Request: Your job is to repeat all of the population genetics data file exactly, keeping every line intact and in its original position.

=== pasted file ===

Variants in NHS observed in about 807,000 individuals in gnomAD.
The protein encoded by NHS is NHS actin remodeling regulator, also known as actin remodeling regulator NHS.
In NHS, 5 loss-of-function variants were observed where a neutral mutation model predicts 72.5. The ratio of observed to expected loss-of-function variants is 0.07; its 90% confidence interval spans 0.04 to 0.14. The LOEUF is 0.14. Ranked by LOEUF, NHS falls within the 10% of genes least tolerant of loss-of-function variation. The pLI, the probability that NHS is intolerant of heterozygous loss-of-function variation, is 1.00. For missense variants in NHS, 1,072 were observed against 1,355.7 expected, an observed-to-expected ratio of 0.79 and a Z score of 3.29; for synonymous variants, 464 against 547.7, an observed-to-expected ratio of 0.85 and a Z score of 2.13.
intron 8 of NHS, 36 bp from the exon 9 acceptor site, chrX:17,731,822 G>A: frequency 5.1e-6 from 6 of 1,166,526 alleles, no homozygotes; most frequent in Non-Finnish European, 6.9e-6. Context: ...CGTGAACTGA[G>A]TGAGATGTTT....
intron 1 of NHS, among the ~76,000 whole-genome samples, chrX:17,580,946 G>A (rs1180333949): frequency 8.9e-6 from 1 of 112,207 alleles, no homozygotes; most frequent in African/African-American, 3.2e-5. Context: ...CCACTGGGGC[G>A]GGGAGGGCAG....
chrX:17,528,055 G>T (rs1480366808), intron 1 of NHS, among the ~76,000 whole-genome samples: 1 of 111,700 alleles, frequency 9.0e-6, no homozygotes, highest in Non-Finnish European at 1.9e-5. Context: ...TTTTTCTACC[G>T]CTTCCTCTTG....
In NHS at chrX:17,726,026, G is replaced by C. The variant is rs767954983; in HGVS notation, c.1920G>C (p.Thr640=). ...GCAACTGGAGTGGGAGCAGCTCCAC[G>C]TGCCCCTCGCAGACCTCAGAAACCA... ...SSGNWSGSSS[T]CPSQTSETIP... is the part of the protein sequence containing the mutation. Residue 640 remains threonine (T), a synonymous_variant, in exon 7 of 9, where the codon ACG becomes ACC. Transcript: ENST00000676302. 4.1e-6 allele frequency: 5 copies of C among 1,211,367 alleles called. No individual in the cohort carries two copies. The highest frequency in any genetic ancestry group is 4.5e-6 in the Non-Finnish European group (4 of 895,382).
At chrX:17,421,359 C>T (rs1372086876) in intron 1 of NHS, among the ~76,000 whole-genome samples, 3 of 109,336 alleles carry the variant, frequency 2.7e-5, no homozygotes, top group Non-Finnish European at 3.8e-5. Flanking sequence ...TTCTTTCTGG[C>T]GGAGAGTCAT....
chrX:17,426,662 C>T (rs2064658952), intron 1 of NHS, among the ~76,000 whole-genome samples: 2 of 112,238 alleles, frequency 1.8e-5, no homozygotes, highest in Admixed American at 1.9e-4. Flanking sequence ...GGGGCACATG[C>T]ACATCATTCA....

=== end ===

Variants in NHS observed in about 807,000 individuals in gnomAD.
The protein encoded by NHS is NHS actin remodeling regulator, also known as actin remodeling regulator NHS.
In NHS, 5 loss-of-function variants were observed where a neutral mutation model predicts 72.5. The ratio of observed to expected loss-of-function variants is 0.07; its 90% confidence interval spans 0.04 to 0.14. The LOEUF is 0.14. Ranked by LOEUF, NHS falls within the 10% of genes least tolerant of loss-of-function variation. The pLI, the probability that NHS is intolerant of heterozygous loss-of-function variation, is 1.00. For missense variants in NHS, 1,072 were observed against 1,355.7 expected, an observed-to-expected ratio of 0.79 and a Z score of 3.29; for synonymous variants, 464 against 547.7, an observed-to-expected ratio of 0.85 and a Z score of 2.13.
intron 8 of NHS, 36 bp from the exon 9 acceptor site, chrX:17,731,822 G>A: frequency 5.1e-6 from 6 of 1,166,526 alleles, no homozygotes; most frequent in Non-Finnish European, 6.9e-6. Context: ...CGTGAACTGA[G>A]TGAGATGTTT....
intron 1 of NHS, among the ~76,000 whole-genome samples, chrX:17,580,946 G>A (rs1180333949): frequency 8.9e-6 from 1 of 112,207 alleles, no homozygotes; most frequent in African/African-American, 3.2e-5. Context: ...CCACTGGGGC[G>A]GGGAGGGCAG....
chrX:17,528,055 G>T (rs1480366808), intron 1 of NHS, among the ~76,000 whole-genome samples: 1 of 111,700 alleles, frequency 9.0e-6, no homozygotes, highest in Non-Finnish European at 1.9e-5. Context: ...TTTTTCTACC[G>T]CTTCCTCTTG....
In NHS at chrX:17,726,026, G is replaced by C. The variant is rs767954983; in HGVS notation, c.1920G>C (p.Thr640=). ...GCAACTGGAGTGGGAGCAGCTCCAC[G>C]TGCCCCTCGCAGACCTCAGAAACCA... ...SSGNWSGSSS[T]CPSQTSETIP... is the part of the protein sequence containing the mutation. Residue 640 remains threonine (T), a synonymous_variant, in exon 7 of 9, where the codon ACG becomes ACC. Transcript: ENST00000676302. 4.1e-6 allele frequency: 5 copies of C among 1,211,367 alleles called. No individual in the cohort carries two copies. The highest frequency in any genetic ancestry group is 4.5e-6 in the Non-Finnish European group (4 of 895,382).
At chrX:17,421,359 C>T (rs1372086876) in intron 1 of NHS, among the ~76,000 whole-genome samples, 3 of 109,336 alleles carry the variant, frequency 2.7e-5, no homozygotes, top group Non-Finnish European at 3.8e-5. Flanking sequence ...TTCTTTCTGG[C>T]GGAGAGTCAT....
chrX:17,426,662 C>T (rs2064658952), intron 1 of NHS, among the ~76,000 whole-genome samples: 2 of 112,238 alleles, frequency 1.8e-5, no homozygotes, highest in Admixed American at 1.9e-4. Flanking sequence ...GGGGCACATG[C>T]ACATCATTCA....